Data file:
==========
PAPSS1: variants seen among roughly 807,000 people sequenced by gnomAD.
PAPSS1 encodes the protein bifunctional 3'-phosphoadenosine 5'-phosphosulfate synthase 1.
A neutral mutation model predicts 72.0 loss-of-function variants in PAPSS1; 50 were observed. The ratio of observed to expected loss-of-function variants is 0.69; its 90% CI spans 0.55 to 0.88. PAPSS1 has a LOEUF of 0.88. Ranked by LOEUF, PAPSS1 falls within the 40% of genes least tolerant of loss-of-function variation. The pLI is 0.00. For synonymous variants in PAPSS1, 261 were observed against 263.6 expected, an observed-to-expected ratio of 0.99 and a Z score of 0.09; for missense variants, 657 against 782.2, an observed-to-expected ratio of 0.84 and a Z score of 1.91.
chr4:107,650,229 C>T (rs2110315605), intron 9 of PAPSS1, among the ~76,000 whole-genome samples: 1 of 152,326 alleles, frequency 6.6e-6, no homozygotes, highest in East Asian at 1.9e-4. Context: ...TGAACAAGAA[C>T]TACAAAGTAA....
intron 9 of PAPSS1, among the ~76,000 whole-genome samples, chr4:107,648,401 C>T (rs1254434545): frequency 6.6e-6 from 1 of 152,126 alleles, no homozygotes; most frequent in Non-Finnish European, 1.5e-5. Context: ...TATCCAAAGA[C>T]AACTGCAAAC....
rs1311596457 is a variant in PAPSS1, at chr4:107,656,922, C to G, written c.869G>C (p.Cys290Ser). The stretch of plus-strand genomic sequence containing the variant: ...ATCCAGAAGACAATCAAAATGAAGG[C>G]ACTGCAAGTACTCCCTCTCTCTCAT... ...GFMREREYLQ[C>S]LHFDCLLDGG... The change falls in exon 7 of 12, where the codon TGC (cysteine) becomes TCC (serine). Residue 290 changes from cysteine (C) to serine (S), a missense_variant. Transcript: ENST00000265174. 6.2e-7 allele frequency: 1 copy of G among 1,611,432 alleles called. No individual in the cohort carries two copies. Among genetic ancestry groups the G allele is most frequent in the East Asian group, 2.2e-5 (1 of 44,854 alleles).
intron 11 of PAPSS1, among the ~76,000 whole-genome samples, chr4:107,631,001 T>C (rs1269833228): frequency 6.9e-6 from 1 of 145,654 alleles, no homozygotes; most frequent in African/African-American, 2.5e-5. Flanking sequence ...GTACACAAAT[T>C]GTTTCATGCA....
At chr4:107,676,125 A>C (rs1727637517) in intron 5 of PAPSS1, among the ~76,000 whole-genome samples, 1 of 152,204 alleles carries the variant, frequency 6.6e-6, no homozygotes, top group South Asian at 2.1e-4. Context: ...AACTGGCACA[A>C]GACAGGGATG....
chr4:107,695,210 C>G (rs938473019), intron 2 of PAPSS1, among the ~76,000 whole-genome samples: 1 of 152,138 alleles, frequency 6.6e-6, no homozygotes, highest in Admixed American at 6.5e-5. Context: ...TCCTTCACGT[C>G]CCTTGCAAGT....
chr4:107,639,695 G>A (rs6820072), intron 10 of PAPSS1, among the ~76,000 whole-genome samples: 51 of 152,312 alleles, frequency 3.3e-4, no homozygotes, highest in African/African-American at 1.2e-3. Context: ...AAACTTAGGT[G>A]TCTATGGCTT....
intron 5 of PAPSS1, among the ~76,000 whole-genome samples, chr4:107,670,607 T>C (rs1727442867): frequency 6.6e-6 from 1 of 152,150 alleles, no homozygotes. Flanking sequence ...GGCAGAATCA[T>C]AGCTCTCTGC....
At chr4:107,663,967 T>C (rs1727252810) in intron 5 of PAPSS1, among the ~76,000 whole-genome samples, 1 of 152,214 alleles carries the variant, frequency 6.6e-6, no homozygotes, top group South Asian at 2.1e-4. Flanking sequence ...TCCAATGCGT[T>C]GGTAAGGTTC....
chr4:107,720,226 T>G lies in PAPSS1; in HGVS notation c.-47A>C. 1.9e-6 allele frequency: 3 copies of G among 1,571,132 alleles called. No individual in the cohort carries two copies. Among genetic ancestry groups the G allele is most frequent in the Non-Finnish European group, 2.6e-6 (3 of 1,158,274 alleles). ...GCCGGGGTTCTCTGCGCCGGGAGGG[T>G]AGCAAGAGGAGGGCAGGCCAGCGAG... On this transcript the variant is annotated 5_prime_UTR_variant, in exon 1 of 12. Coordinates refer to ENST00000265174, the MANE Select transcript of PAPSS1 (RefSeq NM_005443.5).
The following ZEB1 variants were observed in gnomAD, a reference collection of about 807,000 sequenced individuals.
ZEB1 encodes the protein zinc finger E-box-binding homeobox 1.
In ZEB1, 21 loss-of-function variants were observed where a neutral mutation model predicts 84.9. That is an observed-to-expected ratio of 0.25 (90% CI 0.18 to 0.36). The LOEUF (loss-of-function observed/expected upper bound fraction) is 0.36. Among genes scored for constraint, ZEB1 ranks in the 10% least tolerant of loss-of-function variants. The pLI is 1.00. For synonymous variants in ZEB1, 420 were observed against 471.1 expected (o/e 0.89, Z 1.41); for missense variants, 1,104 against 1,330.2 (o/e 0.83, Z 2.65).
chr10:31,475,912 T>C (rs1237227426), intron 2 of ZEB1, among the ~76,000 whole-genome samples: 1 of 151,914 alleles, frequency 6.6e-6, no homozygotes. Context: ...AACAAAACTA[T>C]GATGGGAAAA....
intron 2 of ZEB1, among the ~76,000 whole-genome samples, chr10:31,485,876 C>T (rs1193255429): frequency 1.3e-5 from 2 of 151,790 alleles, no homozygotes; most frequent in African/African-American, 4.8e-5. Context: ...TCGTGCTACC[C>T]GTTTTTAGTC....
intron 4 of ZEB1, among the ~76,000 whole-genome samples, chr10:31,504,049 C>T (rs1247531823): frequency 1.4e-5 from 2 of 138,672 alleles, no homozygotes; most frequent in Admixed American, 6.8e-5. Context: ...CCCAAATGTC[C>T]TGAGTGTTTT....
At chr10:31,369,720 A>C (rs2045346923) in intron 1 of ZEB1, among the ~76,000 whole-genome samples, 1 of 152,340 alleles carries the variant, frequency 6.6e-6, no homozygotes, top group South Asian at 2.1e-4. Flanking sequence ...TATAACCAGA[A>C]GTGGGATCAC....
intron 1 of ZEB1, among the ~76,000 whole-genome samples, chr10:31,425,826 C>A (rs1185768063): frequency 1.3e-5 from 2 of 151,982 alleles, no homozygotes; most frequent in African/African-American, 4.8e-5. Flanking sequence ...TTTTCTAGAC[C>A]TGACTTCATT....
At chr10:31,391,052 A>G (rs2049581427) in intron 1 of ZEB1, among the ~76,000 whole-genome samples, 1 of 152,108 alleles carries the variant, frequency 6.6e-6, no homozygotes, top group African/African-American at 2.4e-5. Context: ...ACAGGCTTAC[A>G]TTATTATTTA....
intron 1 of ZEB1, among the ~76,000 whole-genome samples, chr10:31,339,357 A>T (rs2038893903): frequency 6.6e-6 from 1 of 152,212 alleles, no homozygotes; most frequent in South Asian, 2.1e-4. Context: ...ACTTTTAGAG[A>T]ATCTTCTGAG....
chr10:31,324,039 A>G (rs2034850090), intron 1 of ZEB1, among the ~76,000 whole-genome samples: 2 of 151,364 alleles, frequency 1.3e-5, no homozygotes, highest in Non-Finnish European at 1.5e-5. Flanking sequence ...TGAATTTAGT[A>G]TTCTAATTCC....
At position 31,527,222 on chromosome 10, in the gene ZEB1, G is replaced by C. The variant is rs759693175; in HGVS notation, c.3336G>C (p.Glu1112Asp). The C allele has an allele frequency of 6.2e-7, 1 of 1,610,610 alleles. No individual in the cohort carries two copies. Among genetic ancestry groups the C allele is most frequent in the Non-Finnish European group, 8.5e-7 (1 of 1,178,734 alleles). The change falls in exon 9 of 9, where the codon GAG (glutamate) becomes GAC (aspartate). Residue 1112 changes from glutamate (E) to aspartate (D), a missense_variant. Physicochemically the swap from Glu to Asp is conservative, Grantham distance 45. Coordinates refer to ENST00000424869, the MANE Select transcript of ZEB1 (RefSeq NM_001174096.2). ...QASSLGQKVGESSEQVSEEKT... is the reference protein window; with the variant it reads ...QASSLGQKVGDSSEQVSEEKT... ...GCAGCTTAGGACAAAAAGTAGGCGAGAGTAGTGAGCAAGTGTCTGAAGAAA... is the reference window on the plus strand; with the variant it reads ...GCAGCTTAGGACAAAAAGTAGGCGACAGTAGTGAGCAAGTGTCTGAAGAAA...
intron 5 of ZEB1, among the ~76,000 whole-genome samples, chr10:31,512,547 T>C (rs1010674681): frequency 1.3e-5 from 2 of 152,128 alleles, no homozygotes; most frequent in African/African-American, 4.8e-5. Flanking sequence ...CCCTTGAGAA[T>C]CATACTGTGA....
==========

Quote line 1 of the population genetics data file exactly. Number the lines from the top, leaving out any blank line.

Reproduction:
PAPSS1: variants seen among roughly 807,000 people sequenced by gnomAD.